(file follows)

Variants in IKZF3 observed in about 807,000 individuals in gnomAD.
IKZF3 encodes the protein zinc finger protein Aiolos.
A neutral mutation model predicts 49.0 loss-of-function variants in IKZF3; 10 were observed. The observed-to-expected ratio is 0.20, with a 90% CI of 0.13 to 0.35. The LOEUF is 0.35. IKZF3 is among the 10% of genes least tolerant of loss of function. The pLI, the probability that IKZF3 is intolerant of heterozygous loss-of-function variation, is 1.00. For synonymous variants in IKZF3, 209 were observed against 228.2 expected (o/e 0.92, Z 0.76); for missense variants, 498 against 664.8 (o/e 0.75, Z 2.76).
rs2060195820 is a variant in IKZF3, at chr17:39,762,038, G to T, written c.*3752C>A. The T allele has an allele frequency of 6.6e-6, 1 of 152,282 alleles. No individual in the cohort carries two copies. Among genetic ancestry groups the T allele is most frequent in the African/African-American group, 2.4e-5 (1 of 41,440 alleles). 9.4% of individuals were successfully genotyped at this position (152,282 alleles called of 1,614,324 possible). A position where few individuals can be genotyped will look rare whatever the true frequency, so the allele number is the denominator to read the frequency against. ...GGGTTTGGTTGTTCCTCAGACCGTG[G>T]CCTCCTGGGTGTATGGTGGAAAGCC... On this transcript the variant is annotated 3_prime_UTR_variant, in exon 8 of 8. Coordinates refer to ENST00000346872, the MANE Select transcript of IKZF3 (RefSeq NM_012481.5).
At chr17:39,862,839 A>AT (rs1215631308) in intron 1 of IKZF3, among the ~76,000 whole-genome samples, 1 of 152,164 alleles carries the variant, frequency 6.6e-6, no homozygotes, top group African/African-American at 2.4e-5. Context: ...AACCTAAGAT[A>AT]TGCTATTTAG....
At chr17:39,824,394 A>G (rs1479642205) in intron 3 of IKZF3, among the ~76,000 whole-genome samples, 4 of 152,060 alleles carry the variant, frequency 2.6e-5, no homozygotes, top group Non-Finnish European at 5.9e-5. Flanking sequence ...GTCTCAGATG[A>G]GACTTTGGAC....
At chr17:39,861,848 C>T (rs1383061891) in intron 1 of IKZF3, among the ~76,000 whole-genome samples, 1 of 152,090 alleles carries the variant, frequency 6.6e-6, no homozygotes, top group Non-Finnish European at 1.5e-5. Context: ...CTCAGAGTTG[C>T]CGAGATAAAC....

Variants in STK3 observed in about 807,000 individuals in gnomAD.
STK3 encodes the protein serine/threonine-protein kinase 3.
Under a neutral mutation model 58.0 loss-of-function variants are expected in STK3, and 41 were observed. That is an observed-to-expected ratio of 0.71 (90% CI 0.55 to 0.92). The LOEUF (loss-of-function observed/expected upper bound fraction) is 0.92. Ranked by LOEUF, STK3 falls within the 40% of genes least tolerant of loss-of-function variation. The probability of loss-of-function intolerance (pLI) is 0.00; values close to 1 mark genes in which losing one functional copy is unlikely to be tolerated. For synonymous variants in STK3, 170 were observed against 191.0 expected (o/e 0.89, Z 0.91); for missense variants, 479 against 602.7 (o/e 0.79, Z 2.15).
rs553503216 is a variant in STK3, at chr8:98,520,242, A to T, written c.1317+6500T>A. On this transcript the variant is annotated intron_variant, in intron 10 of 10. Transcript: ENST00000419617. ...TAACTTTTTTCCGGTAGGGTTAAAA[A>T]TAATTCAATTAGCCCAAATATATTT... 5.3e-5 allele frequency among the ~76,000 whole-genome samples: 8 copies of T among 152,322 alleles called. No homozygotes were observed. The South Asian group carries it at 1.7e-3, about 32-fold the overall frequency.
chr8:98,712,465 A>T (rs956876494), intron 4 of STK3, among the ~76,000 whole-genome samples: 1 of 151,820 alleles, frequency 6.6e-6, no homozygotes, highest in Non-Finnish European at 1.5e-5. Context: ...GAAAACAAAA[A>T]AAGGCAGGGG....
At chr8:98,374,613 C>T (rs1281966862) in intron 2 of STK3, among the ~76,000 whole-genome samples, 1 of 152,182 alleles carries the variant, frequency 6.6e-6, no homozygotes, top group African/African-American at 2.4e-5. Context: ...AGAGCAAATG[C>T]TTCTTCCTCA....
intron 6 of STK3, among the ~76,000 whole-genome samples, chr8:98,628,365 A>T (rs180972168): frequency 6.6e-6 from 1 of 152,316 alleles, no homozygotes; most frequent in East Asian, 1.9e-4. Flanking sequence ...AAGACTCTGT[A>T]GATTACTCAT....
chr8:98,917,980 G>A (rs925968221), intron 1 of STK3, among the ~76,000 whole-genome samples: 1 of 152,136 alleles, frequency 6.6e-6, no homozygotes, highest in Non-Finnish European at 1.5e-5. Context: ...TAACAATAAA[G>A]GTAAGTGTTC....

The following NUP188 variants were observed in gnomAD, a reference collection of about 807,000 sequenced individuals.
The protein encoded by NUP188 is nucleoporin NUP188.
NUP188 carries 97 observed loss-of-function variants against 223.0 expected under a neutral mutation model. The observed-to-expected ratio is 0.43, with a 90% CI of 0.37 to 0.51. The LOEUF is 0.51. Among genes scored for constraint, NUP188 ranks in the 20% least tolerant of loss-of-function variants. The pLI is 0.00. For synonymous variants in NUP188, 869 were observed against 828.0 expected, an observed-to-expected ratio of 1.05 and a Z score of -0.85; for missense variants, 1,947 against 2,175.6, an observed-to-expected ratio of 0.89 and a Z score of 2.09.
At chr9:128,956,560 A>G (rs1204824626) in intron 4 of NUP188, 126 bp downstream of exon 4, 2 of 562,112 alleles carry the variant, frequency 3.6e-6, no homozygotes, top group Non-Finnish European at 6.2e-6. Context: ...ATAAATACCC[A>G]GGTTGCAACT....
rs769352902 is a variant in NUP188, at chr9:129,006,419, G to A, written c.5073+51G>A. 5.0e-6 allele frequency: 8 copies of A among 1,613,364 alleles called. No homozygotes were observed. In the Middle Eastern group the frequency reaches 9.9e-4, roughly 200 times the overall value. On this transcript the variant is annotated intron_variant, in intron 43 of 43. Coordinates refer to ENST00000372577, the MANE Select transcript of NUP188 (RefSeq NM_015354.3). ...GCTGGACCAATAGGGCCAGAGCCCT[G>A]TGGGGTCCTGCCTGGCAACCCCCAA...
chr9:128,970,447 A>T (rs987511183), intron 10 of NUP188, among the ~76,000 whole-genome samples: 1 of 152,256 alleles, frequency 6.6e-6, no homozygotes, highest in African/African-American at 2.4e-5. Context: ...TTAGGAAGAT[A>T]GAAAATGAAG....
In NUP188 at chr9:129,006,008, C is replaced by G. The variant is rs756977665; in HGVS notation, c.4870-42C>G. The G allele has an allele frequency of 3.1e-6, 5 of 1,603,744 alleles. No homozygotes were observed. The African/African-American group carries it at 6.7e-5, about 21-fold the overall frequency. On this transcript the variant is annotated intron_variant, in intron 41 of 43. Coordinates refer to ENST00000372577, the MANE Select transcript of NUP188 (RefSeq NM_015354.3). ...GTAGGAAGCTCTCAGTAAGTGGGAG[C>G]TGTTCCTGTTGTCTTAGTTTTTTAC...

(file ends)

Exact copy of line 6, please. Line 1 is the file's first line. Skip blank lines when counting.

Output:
At chr17:39,824,394 A>G (rs1479642205) in intron 3 of IKZF3, among the ~76,000 whole-genome samples, 4 of 152,060 alleles carry the variant, frequency 2.6e-5, no homozygotes, top group Non-Finnish European at 5.9e-5. Flanking sequence ...GTCTCAGATG[A>G]GACTTTGGAC....